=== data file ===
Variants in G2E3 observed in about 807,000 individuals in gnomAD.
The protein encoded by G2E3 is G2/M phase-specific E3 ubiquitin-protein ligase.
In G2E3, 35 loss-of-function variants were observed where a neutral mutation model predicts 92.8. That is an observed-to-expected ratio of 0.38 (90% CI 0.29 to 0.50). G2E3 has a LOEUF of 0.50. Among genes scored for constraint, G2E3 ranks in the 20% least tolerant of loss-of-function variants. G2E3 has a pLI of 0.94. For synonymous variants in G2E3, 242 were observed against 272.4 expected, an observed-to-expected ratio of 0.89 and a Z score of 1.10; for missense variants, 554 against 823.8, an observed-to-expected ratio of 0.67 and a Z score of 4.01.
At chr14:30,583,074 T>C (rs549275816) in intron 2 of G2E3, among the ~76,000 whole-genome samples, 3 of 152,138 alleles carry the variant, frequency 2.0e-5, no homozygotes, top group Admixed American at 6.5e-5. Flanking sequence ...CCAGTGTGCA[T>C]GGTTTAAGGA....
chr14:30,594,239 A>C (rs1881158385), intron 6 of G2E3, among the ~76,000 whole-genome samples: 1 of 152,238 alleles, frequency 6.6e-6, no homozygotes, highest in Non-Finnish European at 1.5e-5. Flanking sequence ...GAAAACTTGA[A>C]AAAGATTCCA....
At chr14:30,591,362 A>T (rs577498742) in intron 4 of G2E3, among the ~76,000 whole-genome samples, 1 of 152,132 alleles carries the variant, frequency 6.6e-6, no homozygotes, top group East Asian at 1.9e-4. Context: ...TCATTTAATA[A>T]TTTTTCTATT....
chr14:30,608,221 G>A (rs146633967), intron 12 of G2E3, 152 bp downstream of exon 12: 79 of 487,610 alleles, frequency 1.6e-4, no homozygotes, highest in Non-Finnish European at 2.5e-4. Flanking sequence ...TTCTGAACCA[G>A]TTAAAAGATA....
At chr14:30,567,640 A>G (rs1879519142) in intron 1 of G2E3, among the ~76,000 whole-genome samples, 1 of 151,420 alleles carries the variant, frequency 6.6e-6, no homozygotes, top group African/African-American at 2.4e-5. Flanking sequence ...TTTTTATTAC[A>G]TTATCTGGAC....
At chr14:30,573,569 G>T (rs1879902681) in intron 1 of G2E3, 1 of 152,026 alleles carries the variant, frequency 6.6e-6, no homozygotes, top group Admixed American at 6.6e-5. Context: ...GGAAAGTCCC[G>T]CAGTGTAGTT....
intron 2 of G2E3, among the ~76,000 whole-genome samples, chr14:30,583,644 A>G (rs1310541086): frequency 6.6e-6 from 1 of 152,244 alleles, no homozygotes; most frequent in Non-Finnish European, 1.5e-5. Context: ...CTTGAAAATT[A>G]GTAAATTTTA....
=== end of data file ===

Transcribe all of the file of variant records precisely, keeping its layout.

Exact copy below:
Variants in G2E3 observed in about 807,000 individuals in gnomAD.
The protein encoded by G2E3 is G2/M phase-specific E3 ubiquitin-protein ligase.
In G2E3, 35 loss-of-function variants were observed where a neutral mutation model predicts 92.8. That is an observed-to-expected ratio of 0.38 (90% CI 0.29 to 0.50). G2E3 has a LOEUF of 0.50. Among genes scored for constraint, G2E3 ranks in the 20% least tolerant of loss-of-function variants. G2E3 has a pLI of 0.94. For synonymous variants in G2E3, 242 were observed against 272.4 expected, an observed-to-expected ratio of 0.89 and a Z score of 1.10; for missense variants, 554 against 823.8, an observed-to-expected ratio of 0.67 and a Z score of 4.01.
At chr14:30,583,074 T>C (rs549275816) in intron 2 of G2E3, among the ~76,000 whole-genome samples, 3 of 152,138 alleles carry the variant, frequency 2.0e-5, no homozygotes, top group Admixed American at 6.5e-5. Flanking sequence ...CCAGTGTGCA[T>C]GGTTTAAGGA....
chr14:30,594,239 A>C (rs1881158385), intron 6 of G2E3, among the ~76,000 whole-genome samples: 1 of 152,238 alleles, frequency 6.6e-6, no homozygotes, highest in Non-Finnish European at 1.5e-5. Flanking sequence ...GAAAACTTGA[A>C]AAAGATTCCA....
At chr14:30,591,362 A>T (rs577498742) in intron 4 of G2E3, among the ~76,000 whole-genome samples, 1 of 152,132 alleles carries the variant, frequency 6.6e-6, no homozygotes, top group East Asian at 1.9e-4. Context: ...TCATTTAATA[A>T]TTTTTCTATT....
chr14:30,608,221 G>A (rs146633967), intron 12 of G2E3, 152 bp downstream of exon 12: 79 of 487,610 alleles, frequency 1.6e-4, no homozygotes, highest in Non-Finnish European at 2.5e-4. Flanking sequence ...TTCTGAACCA[G>A]TTAAAAGATA....
At chr14:30,567,640 A>G (rs1879519142) in intron 1 of G2E3, among the ~76,000 whole-genome samples, 1 of 151,420 alleles carries the variant, frequency 6.6e-6, no homozygotes, top group African/African-American at 2.4e-5. Flanking sequence ...TTTTTATTAC[A>G]TTATCTGGAC....
At chr14:30,573,569 G>T (rs1879902681) in intron 1 of G2E3, 1 of 152,026 alleles carries the variant, frequency 6.6e-6, no homozygotes, top group Admixed American at 6.6e-5. Context: ...GGAAAGTCCC[G>T]CAGTGTAGTT....
intron 2 of G2E3, among the ~76,000 whole-genome samples, chr14:30,583,644 A>G (rs1310541086): frequency 6.6e-6 from 1 of 152,244 alleles, no homozygotes; most frequent in Non-Finnish European, 1.5e-5. Context: ...CTTGAAAATT[A>G]GTAAATTTTA....